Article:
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Six-Color Hex Map

This is a fairly simple project that shows how really cool and useful simple ideas can turn out to be. At its base, this is nothing spectacular. It's a hex map. I made a sheet of 1.5" hexes on my computer, printed it out, and cut and taped them together into a big sheet. Then I colored it in. With crayons. Obviously.

What makes this map so useful that it keeps getting pulled back out year after year is the pattern. There are six colors ... or, more properly, three pairs of colors. Light and dark blue, light and dark brown, and light and dark green. Generally, these correspond to water, dirt, and vegetation.

A key piece of the design is that there are an equal number of hexes (or damn near) for each color. So "on the average" the colors are evenly distributed. But the pattern illustrates how useful "on the average" isn't in some situations...

The dark blue fractures out from the center, dividing the board into six roughly equal area, but irregularly shaped pieces. The light blue, skirts around the perimiter of the board, helping with the division.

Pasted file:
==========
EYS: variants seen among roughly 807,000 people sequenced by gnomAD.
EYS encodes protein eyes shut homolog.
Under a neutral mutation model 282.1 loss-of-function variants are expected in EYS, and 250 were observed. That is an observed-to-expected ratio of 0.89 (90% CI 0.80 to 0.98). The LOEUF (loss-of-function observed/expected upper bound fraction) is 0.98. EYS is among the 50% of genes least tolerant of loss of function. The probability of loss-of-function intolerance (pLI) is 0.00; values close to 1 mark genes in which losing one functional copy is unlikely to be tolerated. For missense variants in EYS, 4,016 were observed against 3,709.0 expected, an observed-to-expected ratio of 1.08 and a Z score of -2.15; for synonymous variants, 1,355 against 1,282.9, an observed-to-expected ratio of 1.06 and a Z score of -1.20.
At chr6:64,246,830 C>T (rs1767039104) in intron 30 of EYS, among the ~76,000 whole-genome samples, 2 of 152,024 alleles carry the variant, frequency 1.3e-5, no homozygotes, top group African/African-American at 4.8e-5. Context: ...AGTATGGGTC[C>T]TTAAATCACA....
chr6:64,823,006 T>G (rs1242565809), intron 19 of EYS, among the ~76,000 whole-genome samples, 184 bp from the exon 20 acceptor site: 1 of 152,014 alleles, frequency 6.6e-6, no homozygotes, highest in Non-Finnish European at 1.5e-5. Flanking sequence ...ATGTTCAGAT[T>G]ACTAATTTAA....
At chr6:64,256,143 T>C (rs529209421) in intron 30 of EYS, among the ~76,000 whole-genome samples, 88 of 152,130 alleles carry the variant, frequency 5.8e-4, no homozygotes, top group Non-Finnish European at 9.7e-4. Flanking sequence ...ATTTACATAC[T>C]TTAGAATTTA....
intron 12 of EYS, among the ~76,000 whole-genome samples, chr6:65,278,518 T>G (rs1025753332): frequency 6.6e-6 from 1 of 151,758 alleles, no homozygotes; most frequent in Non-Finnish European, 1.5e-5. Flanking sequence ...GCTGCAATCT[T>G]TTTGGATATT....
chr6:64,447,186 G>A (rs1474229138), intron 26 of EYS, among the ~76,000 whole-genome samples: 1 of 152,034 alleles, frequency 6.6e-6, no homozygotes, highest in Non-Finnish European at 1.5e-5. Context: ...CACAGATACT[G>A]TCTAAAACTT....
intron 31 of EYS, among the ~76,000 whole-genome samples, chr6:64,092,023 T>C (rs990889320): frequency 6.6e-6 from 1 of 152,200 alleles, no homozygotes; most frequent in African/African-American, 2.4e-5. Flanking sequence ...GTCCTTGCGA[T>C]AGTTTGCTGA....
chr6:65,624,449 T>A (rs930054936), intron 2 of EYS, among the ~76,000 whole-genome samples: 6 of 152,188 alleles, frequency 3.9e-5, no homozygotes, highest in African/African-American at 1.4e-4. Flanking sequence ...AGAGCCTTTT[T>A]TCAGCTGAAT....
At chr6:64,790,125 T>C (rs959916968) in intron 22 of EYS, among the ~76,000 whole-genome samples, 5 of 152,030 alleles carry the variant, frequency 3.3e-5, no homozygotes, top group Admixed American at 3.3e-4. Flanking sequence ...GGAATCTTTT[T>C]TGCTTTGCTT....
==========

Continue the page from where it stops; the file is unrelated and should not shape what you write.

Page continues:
I filled in the green by having it generally move away from the water, but didn't capture all the coastline, and then filled the remainder with the two shades of brown.

The result is a map with "equal" amounts of terrain distributed, but prominent features with lots of non-linearities. Even with just crayon in it, the map looks a lot like a nice patch of natural terrain.

The color coding is nice because it looks reasonably natural, but is still flexible to take different terrain characteristics, including dynamic ones. The simplest thing to do is to have a little chart with the terrain characteristics for each color.

The generic natural colors allow you a lot of leeway in assigning a variety of different characteristics to the terrain and still having things "look right". Light blue is "shallow water" ... maybe it has an effect on movement, maybe it is just another type of open terrain. Both "make sense", so when you explain it for the game you play, it will seem intuitive.

One of the things that prompted me to use six colors was the availability of blank d6. I've run some basic flooding scenarios - roll the die each turn, add a level of water to that type of terrain; all must reach one before any goes to two. For QILS this meant add one level of obstruction and one level of hindrance to that color terrain.

For a little more dynamic effect, I've played superhero games where the elevation of the different color terrain changed with the roll of a color die and a fudge die. Definitely a cinematic effect, but loads of fun for the right genre.

And, of course, there's no need to make dynamic terrain change randomly. You could have your flood (fire? earthquake?) progress from dark blue to dark green to dark brown to light brown to light green to light blue. Or whatever.

Anyway, there's a lot of legs on this simple and cheap to make "game mat" (is it really a game mat?). Different static terrain, dynamic terrain, and randomly changing terrain. Have fun!


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